Every bass fisherman in the Carolinas looks forward to the annual spawn, whether it be smallmouth, largemouth or spotted bass. It’s shallow-water fishing at it’s most challenging and often most rewarding.

When the spawn is finished, the consolation is that there is no need to stop targeting spawning fish. The difference is that these fish are not the target species but the prey of black bass species. Most anglers refer to this pattern as the “shad spawn.”

The name is actually as misnomer, because when water temperatures reach the 67 to 70 degrees, a lot more baitfish spawn than just shad.

Bass pro Matt Arey from Shelby, N.C., said that many anglers may be targeting spawning “shad” but are doing it at the wrong time of day and in the wrong places.

“First, you need to decide which baitfish spawn you are fishing,” said Arey, who has qualified for nine FLW Tour championships. “In the Carolinas, a lot of our lakes are herring lakes. When you see guys pulling up to long, shallow points and making casts across the points, it’s the herring pattern. Herring roam those points and spawn in the clay and sand. 

“On the other hand, shad — and I’m talking about threadfin shad — may spawn in shallow water, but they want deep water close by, or they may spawn on shallow structure over deep water. Shad also want some kind of structure to rub their eggs on. You can tell you’ve been in the right place for spawning shad if there eggs stuck to the bottom of the boat when you load up. That stuff is like glue.”

Given the option, which spawn does Arey fish when both are underway at the same time? He said it depends on where the bigger fish are holding. As a general rule, on lakes that have an equal number of both prey, herring will stay in the lower third of the lakes, where the terrain is more conducive. Shad are more drawn to upper sections of the lake, where structure and deeper water mix: creek arms, deep docks, bridge pilings and riprap.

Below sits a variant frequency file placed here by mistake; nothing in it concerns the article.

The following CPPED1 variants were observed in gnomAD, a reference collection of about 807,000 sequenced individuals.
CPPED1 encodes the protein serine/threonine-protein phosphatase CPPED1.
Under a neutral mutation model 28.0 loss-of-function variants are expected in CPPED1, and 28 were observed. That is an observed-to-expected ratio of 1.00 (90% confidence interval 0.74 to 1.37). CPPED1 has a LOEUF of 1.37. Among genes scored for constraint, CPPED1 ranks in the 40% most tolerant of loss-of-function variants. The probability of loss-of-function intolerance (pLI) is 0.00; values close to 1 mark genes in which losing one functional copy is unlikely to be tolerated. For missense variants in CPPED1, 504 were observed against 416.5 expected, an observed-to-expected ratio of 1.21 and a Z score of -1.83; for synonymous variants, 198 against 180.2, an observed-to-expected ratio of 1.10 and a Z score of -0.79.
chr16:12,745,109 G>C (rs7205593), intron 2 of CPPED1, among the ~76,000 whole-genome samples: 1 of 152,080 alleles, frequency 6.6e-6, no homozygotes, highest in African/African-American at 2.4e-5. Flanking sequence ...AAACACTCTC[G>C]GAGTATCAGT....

“Compare Lake Wylie with Lake Murray. Wylie has more shad, and the shad will spawn all over the lake, but it’s usually near deep water: docks, bridge pilings, deep-water rip rap,” he said. “Lake Murray, on the other hand, is full of herring. That’s your lake for running long points looking for random schools of spawning herring. The shad will be up the lake in the rivers and creeks.”

Arey said South Carolina’s Lake Hartwell and Buggs Island (Kerr) Lake on the North Carolina-Virginia border are good examples of lakes with mixed baitfish species.

Despite the differences between baitfish, Arey and most bass anglers will use lures that imitate shad or herring when their spawns roll around.

“If I’m searching for spawning shad, a 3- or 4-bladed spinnerbait is a good choice in white, white/gray (or) white/blue sparkle with chrome or silver blades,” he said. “If you’re in the right spot, the shad will even hit the lure, thinking it’s a small pod of shad.”

Another of Arey’s favorite choices is a white Lunker Hunt jig. The overall shape matches shad or herring, and his retrieve is either a steady on or you pump the bait back to the boat, depending on how deep he thinks bass are holding. 

Arey warned anglers not to depend on either pattern to last very long after dawn breaks. 

“All of them spawn at night, and bass will feed on them all night,” he said. “The best bite is going to come the first hour or two of daylight, then it’s going to break up and you need to go find another pattern.”

While he’s targeting the same fish that just a few hours earlier were eating shad or herring like Krispy Kreme’s “Hot/Fresh/Now” doughnut sign was on, those fish tend to stay in the same general areas.